Le Monde puzzle [#29]

July 28, 2011
By

(This article was first published on Xi'an's Og » R, and kindly contributed to R-bloggers)

This week, the puzzle from the weekend edition of Le Monde was easy to state: in the sequence (8+17n), is there a 6th power? a 7th? an 8th? If so, give the first occurrence. So I first wrote an R code for a function testing whether an integer is any power:

ispower=function(x){
ispo=FALSE
logx=log(x)
i=trunc(logx/log(2))
while((i>1)&&(!ispo)){
j=t=trunc(exp(logx/i))
while (t<x) t=j*t
ispo=(x==t)
if (!ispo){
j=t=j+1
while (t<x) t=j*t
ispo=(x==t)}
i=i-1}
list(is=ispo,pow=j)}

(The function returns the highest possible power.) Then I ran the thing over the first million of values of the sequence:

fib=8
for (j in 1:10^6){
fib=fib+17
tes=ispower(fib)
if (tes$is)
print(c(fib,tes$pow,log(fib)/log(tes$pow)))}

only to find that only the powers 2,3,6,10,11,19 were present among the first terms.

Then I started thinking rather than (merely and merrily) programming and realised that the terms of the sequence were all congruential to 8 modulo 17, hence that a power of 6, 7 or 8, also had to be congruencial to 8 if it was part of the sequence. Since

z^a\text{mod}\,17 = (z\text{mod}\,17)^a\text{mod}\,17\,,

there is no solution in z if, for a given power a, all integers between 1 and 16 are not congruential to 8 modulo 17. Here is the check:

> ((1:16)^6)%%17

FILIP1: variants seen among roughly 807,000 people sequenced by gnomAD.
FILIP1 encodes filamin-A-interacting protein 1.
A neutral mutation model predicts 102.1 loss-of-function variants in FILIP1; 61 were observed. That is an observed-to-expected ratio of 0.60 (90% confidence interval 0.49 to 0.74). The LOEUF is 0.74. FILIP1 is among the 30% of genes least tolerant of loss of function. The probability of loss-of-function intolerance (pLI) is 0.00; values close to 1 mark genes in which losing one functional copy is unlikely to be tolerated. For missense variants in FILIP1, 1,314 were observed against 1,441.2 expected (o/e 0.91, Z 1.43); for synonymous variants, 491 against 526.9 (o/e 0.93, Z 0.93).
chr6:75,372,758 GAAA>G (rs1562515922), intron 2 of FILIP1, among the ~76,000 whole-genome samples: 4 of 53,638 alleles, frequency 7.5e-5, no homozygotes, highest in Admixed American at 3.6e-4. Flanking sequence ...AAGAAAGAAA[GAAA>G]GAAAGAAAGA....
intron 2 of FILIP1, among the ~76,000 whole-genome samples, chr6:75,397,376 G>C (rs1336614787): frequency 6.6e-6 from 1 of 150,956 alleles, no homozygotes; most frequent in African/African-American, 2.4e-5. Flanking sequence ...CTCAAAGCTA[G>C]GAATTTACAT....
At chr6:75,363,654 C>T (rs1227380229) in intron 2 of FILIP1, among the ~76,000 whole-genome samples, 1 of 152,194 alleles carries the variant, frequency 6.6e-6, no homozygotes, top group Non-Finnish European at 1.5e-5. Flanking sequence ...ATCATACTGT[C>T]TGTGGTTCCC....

[1]  1 13 15 16  2  8  9  4  4  9 8 2 16 15 13  1
> ((1:16)^7)%%17
[1]  1  9 11 13 10 14 12 15  2  5  3  7  4  6 8 16
> ((1:16)^8)%%17
[1]  1  1 16  1 16 16 16  1  1 16 16 16  1 16  1  1

so this eliminates the power 8 (as well as 4 and 12), but not the power 7… Now, the check for the power 7 tells us the value of z is congruencial to 15 modulo 17, hence that the term of the sequence is equal to 1517, 3217 or even more. This explains why I could not see any power equal to 7 in the first million trials. We are nonetheless lucky in that the first trial works:

> 15^7
[1]  170859375
> (170859375-8)/17
[1]  10050551
>  8+10050551*17-170859375
[1]  0
> ispower(8+10050551*17)
$is
[1] TRUE

$pow
[1] 15

For the power 6, the value of z is congruencial to 6 modulo 17, hence the term of the sequence is equal to 66, 236 or even more. We again are lucky in that the first trial works:

> ispower(8+2744*17)
$is
[1] TRUE

$pow
[1] 6

Filed under: R, Statistics Tagged: congruence, prime number, R

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